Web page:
GOP lawmakers back Trump’s controversial tough talk on NATO: ‘I hope they take it as a real threat’

With foreign aid at the forefront, the former president’s tough talk on NATO drew notable support from members of Congress.

Perpetual efforts to peg former President Donald Trump as a pawn or pal of Russian President Vladimir Putin made a resurgence after some commentary on the campaign trail Saturday. After he suggested that he “would encourage” Russia to “do whatever the hell they want” to a NATO member that fell short on their bills, several GOP senators stood up to agree.

“I hope they take it as a real threat,” Ohio Sen. J.D. Vance told the Daly Mail. “NATO is, right now, little more than a welfare client of the United States of America.”

“If it’s going to be a real alliance then the big countries within the block, especially Germany, need to step up,” he added to the outlet having conveyed similar sentiments on the Senate floor.

Ahead of a successful establishment effort to advance a nearly $100 billion foreign aid package, Vance had taken the floor to assert how most member nations weren’t meeting their 2% GDP threshold on defense spending.

“Even if we assumed, and it’s wrong, but even if we assumed that NATO was carrying its fair share of the burden over the last 18 months, NATO has failed to carry its fair share of the burden for literally decades, ladies and gentlemen. Look just at how much money the United States has spent on defense since 1992, and compare that to our NATO allies,” he argued.

“Most of the economies of Europe massively underspend on defense,” the Ohio lawmaker said, “and that has invited aggression not just from Vladimir Putin, but from other places as well.”

As had been reported, while campaigning in Conway, South Carolina, Trump had told the gathered supporters about paying their share to NATO, “One of the presidents of a big country stood up and said, ‘Well, sir, if we don’t pay and we’re attacked by Russia, will you protect us?’ I said, ‘You didn’t pay, you’re delinquent?’ He said, ‘Yes, let’s say that happened.'”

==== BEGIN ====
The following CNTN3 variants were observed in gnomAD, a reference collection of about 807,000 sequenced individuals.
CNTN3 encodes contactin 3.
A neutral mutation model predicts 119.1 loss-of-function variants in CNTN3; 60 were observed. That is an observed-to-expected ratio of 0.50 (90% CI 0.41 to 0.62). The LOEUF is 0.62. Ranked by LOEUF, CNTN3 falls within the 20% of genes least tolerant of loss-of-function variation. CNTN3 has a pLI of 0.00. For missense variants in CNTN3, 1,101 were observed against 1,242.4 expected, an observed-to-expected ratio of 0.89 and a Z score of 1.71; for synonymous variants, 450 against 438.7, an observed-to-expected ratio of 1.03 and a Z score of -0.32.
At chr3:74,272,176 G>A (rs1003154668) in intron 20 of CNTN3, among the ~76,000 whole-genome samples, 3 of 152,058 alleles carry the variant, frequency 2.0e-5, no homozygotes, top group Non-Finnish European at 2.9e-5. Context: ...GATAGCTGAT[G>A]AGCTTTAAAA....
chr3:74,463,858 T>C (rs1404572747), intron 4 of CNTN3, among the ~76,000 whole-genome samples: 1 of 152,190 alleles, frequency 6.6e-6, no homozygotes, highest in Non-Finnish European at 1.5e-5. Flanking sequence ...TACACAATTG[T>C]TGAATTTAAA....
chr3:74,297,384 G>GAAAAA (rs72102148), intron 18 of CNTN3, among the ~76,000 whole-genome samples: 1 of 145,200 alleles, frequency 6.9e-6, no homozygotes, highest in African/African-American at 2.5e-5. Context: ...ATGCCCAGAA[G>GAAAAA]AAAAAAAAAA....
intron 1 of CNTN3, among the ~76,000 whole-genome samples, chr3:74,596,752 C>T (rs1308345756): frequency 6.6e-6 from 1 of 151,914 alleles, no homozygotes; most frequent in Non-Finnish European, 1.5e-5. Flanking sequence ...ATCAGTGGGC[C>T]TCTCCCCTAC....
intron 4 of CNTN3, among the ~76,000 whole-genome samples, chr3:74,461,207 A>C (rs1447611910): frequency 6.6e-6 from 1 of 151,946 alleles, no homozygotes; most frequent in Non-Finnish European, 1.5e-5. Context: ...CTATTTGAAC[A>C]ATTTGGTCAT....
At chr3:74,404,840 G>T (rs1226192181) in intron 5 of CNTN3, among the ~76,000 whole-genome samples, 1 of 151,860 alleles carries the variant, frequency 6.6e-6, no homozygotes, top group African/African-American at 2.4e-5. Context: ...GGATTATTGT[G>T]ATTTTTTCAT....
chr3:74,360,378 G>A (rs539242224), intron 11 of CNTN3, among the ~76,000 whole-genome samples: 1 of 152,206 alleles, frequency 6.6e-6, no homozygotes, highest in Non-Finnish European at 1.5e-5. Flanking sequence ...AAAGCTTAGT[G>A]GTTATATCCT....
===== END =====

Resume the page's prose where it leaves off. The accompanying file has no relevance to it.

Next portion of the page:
“‘No, I would not protect you. In fact, I would encourage them to do whatever the hell they want,'” expressed the president. “‘You gotta pay. You gotta pay your bills.'”

Vance wasn’t alone in backing Trump as Missouri Sen. Eric Schmitt told the Mail, “I do think there’s frustration among Americans that our European allies just haven’t stepped up. Most of them aren’t at two percent of their GDP.”

“We’ve essentially subsidized their government liberal social welfare programs for a long time. I think it’s time for [our] European allies to step up,” he continued as Alabama Sen. Tommy Tuberville suggested, “It’s all sarcasm.”

Leaning into the upper chamber’s leadership ranks, Iowa Sen. Joni Ernst, chair of the Senate Republican Policy Committee, expressed blanket favor for NATO, “The Senate, Congress and country is very supportive of NATO, and they’ve shown themselves to be a very strong force.”

“I would hope President Trump would agree with that,” she said to the Mail.

Meanwhile, Massachusetts Sen. Elizabeth Warren (D) successfully represented the hyperbole of the left as she commented to the outlet, “For Donald Trump to suggest under any conditions that the United States would support a Russian invasion of Europe is incredibly dangerous, and shows once again how that man is not fit to be president of the United States.”

Her position aligned with NATO Secretary General Jens Stoltenberg who had released a statement in response to Trump’s comments Sunday that read, “Any suggestion that allies will not defend each other undermines all of our security, including that of the U.S., and puts American and European soldiers at increased risk.”

“NATO remains ready and able to defend all allies. Any attack on NATO will be met with a united and forceful response,” he continued. “I expect that regardless of who wins the presidential election the U.S. will remain a strong and committed NATO ally.”

Kevin Haggerty

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